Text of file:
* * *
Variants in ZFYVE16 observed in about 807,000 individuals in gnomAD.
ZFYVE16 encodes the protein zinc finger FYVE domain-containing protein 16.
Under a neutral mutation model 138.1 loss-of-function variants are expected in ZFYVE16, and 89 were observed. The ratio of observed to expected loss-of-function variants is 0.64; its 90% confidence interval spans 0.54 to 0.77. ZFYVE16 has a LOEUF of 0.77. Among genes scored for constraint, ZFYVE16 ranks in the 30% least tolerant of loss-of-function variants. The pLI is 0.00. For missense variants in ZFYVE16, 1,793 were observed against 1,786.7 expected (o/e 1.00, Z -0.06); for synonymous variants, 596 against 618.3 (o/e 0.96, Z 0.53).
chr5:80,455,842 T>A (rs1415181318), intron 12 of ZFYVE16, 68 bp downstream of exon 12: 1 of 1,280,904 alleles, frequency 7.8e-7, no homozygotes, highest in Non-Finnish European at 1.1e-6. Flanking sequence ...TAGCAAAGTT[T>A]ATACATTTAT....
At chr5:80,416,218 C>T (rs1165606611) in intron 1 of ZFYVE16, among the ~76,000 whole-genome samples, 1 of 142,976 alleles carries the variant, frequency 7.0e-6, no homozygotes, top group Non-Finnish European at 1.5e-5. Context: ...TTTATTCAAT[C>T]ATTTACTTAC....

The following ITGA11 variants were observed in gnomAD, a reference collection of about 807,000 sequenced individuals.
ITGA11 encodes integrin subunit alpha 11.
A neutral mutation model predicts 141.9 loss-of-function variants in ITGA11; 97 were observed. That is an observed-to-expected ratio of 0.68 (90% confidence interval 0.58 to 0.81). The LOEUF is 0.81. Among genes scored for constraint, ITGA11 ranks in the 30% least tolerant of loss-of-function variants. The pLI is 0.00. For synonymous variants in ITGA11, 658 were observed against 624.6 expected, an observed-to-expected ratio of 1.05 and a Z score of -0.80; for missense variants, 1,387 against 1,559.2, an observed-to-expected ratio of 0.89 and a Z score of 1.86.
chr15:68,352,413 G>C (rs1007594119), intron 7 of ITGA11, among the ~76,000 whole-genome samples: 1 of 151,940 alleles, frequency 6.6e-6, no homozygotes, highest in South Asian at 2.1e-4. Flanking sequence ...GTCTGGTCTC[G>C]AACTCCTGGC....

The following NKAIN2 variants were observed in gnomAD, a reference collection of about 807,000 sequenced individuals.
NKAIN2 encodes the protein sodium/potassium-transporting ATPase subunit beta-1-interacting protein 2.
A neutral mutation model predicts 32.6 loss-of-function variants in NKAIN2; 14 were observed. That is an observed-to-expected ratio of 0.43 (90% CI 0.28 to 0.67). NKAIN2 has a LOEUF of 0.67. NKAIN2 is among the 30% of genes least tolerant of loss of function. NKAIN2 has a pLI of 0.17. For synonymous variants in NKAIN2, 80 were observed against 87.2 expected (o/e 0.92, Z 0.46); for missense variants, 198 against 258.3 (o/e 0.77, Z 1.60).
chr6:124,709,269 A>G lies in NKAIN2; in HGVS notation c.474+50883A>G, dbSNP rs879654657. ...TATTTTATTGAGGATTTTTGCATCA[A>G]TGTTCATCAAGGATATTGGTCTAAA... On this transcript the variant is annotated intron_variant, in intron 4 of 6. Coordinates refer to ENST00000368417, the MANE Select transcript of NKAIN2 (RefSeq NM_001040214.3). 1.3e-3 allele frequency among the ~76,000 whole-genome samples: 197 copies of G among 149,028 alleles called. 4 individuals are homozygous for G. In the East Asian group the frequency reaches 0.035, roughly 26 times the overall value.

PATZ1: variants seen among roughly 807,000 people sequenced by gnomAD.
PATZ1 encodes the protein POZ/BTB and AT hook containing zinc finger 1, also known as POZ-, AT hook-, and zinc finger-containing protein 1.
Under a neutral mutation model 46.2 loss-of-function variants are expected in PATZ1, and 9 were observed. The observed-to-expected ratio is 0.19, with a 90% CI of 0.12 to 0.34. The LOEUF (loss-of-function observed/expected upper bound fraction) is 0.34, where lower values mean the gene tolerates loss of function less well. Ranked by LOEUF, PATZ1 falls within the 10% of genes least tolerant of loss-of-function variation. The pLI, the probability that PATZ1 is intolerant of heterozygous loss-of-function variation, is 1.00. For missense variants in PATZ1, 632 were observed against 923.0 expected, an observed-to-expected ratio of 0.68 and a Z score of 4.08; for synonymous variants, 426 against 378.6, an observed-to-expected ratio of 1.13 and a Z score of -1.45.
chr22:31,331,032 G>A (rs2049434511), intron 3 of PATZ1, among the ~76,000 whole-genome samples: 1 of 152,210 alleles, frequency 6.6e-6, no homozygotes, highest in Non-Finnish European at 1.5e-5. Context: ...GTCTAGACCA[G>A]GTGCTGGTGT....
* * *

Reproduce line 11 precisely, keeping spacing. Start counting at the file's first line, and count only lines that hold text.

NKAIN2 encodes the protein sodium/potassium-transporting ATPase subunit beta-1-interacting protein 2.